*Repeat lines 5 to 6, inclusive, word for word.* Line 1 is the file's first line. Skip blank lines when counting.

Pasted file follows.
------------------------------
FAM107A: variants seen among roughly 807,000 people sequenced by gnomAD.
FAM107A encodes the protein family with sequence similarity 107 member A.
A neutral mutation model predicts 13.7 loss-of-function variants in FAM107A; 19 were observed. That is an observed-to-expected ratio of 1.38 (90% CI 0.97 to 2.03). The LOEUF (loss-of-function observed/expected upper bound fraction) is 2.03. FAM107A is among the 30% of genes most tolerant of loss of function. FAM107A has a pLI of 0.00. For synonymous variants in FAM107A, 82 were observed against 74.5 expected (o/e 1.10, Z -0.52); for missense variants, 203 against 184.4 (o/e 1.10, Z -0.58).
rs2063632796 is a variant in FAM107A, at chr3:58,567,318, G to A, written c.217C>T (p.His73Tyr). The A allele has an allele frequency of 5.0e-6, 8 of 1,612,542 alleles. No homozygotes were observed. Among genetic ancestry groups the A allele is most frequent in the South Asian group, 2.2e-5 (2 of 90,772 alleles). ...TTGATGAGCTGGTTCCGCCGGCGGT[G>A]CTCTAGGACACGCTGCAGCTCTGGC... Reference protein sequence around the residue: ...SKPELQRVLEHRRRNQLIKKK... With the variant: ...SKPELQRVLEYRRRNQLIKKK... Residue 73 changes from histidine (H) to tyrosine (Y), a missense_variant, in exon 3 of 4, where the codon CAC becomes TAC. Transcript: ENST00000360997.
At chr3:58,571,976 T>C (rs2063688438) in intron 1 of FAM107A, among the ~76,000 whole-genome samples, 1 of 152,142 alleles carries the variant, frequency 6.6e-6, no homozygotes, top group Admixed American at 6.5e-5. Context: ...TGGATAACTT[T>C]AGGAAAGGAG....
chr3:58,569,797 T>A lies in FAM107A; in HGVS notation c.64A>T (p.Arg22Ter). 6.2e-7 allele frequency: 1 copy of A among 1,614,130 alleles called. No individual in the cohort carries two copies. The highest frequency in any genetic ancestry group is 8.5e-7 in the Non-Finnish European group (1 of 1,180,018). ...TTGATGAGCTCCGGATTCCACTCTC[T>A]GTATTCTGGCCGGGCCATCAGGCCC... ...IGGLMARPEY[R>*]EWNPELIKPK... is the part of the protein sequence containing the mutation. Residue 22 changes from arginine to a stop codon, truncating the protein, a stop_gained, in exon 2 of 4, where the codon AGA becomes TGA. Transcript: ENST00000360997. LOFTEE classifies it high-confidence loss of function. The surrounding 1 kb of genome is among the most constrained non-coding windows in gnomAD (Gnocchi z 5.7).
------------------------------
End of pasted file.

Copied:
At chr3:58,571,976 T>C (rs2063688438) in intron 1 of FAM107A, among the ~76,000 whole-genome samples, 1 of 152,142 alleles carries the variant, frequency 6.6e-6, no homozygotes, top group Admixed American at 6.5e-5. Context: ...TGGATAACTT[T>C]AGGAAAGGAG....
chr3:58,569,797 T>A lies in FAM107A; in HGVS notation c.64A>T (p.Arg22Ter). 6.2e-7 allele frequency: 1 copy of A among 1,614,130 alleles called. No individual in the cohort carries two copies. The highest frequency in any genetic ancestry group is 8.5e-7 in the Non-Finnish European group (1 of 1,180,018). ...TTGATGAGCTCCGGATTCCACTCTC[T>A]GTATTCTGGCCGGGCCATCAGGCCC... ...IGGLMARPEY[R>*]EWNPELIKPK... is the part of the protein sequence containing the mutation. Residue 22 changes from arginine to a stop codon, truncating the protein, a stop_gained, in exon 2 of 4, where the codon AGA becomes TGA. Transcript: ENST00000360997. LOFTEE classifies it high-confidence loss of function. The surrounding 1 kb of genome is among the most constrained non-coding windows in gnomAD (Gnocchi z 5.7).